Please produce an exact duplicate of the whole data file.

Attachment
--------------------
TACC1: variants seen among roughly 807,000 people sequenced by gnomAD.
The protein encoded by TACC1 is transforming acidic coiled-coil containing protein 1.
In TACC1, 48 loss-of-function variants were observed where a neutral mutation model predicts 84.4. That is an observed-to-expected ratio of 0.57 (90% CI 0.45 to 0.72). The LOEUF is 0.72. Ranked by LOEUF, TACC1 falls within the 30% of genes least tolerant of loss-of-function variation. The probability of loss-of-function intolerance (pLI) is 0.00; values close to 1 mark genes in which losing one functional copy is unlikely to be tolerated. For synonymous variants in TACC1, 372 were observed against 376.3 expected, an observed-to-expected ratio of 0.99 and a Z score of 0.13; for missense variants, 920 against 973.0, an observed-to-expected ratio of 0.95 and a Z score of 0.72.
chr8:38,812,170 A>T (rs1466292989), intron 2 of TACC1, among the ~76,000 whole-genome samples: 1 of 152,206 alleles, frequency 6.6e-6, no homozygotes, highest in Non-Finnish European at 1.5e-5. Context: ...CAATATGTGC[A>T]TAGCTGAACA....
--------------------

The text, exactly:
TACC1: variants seen among roughly 807,000 people sequenced by gnomAD.
The protein encoded by TACC1 is transforming acidic coiled-coil containing protein 1.
In TACC1, 48 loss-of-function variants were observed where a neutral mutation model predicts 84.4. That is an observed-to-expected ratio of 0.57 (90% CI 0.45 to 0.72). The LOEUF is 0.72. Ranked by LOEUF, TACC1 falls within the 30% of genes least tolerant of loss-of-function variation. The probability of loss-of-function intolerance (pLI) is 0.00; values close to 1 mark genes in which losing one functional copy is unlikely to be tolerated. For synonymous variants in TACC1, 372 were observed against 376.3 expected, an observed-to-expected ratio of 0.99 and a Z score of 0.13; for missense variants, 920 against 973.0, an observed-to-expected ratio of 0.95 and a Z score of 0.72.
chr8:38,812,170 A>T (rs1466292989), intron 2 of TACC1, among the ~76,000 whole-genome samples: 1 of 152,206 alleles, frequency 6.6e-6, no homozygotes, highest in Non-Finnish European at 1.5e-5. Context: ...CAATATGTGC[A>T]TAGCTGAACA....